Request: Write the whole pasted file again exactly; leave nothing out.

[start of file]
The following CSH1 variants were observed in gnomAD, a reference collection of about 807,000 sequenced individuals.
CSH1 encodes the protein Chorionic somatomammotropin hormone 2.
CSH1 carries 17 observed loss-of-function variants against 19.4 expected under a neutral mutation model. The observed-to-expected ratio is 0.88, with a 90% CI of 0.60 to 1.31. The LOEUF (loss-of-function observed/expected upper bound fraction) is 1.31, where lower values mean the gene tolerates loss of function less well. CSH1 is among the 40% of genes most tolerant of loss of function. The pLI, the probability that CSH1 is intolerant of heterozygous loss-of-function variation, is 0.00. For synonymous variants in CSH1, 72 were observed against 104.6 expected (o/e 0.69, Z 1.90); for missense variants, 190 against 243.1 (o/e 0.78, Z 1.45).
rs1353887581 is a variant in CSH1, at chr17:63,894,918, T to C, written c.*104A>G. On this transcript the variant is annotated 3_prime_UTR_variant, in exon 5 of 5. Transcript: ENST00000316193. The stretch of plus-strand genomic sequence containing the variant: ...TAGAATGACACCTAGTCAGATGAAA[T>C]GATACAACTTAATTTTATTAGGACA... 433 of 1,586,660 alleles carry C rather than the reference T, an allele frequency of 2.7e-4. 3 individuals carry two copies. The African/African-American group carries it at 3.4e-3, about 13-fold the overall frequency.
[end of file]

The following CSH1 variants were observed in gnomAD, a reference collection of about 807,000 sequenced individuals.
CSH1 encodes the protein Chorionic somatomammotropin hormone 2.
CSH1 carries 17 observed loss-of-function variants against 19.4 expected under a neutral mutation model. The observed-to-expected ratio is 0.88, with a 90% CI of 0.60 to 1.31. The LOEUF (loss-of-function observed/expected upper bound fraction) is 1.31, where lower values mean the gene tolerates loss of function less well. CSH1 is among the 40% of genes most tolerant of loss of function. The pLI, the probability that CSH1 is intolerant of heterozygous loss-of-function variation, is 0.00. For synonymous variants in CSH1, 72 were observed against 104.6 expected (o/e 0.69, Z 1.90); for missense variants, 190 against 243.1 (o/e 0.78, Z 1.45).
rs1353887581 is a variant in CSH1, at chr17:63,894,918, T to C, written c.*104A>G. On this transcript the variant is annotated 3_prime_UTR_variant, in exon 5 of 5. Transcript: ENST00000316193. The stretch of plus-strand genomic sequence containing the variant: ...TAGAATGACACCTAGTCAGATGAAA[T>C]GATACAACTTAATTTTATTAGGACA... 433 of 1,586,660 alleles carry C rather than the reference T, an allele frequency of 2.7e-4. 3 individuals carry two copies. The African/African-American group carries it at 3.4e-3, about 13-fold the overall frequency.